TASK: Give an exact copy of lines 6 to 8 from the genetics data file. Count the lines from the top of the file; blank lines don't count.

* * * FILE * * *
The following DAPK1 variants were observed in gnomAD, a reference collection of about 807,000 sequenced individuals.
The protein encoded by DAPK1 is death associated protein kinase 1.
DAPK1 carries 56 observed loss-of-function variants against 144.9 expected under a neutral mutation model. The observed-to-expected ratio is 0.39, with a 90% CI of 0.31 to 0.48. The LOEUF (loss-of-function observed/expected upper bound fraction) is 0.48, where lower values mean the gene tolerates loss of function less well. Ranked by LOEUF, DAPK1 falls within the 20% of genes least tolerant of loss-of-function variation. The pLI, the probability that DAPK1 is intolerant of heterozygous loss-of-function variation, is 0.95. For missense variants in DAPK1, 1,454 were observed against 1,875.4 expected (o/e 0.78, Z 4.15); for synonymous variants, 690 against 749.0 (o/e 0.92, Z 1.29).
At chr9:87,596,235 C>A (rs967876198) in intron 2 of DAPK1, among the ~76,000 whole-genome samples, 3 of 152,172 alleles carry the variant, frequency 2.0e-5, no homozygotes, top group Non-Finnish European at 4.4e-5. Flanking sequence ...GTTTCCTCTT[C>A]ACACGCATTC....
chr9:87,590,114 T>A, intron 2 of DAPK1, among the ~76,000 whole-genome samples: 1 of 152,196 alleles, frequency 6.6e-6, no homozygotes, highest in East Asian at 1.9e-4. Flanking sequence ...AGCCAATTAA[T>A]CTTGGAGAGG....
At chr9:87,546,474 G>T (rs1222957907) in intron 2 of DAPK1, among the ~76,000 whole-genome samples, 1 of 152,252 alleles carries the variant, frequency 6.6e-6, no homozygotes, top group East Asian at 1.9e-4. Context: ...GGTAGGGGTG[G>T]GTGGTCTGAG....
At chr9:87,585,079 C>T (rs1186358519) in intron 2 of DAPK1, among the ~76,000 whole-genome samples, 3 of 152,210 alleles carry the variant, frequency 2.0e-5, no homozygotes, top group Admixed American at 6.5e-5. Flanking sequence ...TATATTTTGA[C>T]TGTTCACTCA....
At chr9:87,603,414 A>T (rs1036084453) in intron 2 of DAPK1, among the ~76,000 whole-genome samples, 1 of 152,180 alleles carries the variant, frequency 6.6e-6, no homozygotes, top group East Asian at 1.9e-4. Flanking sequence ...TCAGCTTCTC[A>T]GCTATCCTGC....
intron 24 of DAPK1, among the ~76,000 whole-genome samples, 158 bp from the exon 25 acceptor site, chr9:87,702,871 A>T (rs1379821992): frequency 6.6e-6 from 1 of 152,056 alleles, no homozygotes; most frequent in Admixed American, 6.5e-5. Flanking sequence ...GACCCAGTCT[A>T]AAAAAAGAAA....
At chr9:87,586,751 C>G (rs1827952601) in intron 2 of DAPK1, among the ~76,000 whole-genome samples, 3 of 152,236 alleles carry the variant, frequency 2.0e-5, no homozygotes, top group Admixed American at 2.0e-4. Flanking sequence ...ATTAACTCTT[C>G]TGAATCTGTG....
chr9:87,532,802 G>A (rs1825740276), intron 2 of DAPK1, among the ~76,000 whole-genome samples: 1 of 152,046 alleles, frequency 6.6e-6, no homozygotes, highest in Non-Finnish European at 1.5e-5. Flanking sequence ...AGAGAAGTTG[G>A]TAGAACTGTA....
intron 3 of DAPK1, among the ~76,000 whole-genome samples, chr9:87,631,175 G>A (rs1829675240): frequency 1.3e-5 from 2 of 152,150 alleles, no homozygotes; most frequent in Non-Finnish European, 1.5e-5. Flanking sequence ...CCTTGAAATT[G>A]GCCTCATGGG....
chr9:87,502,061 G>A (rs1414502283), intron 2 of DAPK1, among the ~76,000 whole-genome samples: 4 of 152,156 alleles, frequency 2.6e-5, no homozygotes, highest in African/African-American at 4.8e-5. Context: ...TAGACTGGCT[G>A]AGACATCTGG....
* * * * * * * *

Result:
At chr9:87,546,474 G>T (rs1222957907) in intron 2 of DAPK1, among the ~76,000 whole-genome samples, 1 of 152,252 alleles carries the variant, frequency 6.6e-6, no homozygotes, top group East Asian at 1.9e-4. Context: ...GGTAGGGGTG[G>T]GTGGTCTGAG....
At chr9:87,585,079 C>T (rs1186358519) in intron 2 of DAPK1, among the ~76,000 whole-genome samples, 3 of 152,210 alleles carry the variant, frequency 2.0e-5, no homozygotes, top group Admixed American at 6.5e-5. Flanking sequence ...TATATTTTGA[C>T]TGTTCACTCA....
At chr9:87,603,414 A>T (rs1036084453) in intron 2 of DAPK1, among the ~76,000 whole-genome samples, 1 of 152,180 alleles carries the variant, frequency 6.6e-6, no homozygotes, top group East Asian at 1.9e-4. Flanking sequence ...TCAGCTTCTC[A>T]GCTATCCTGC....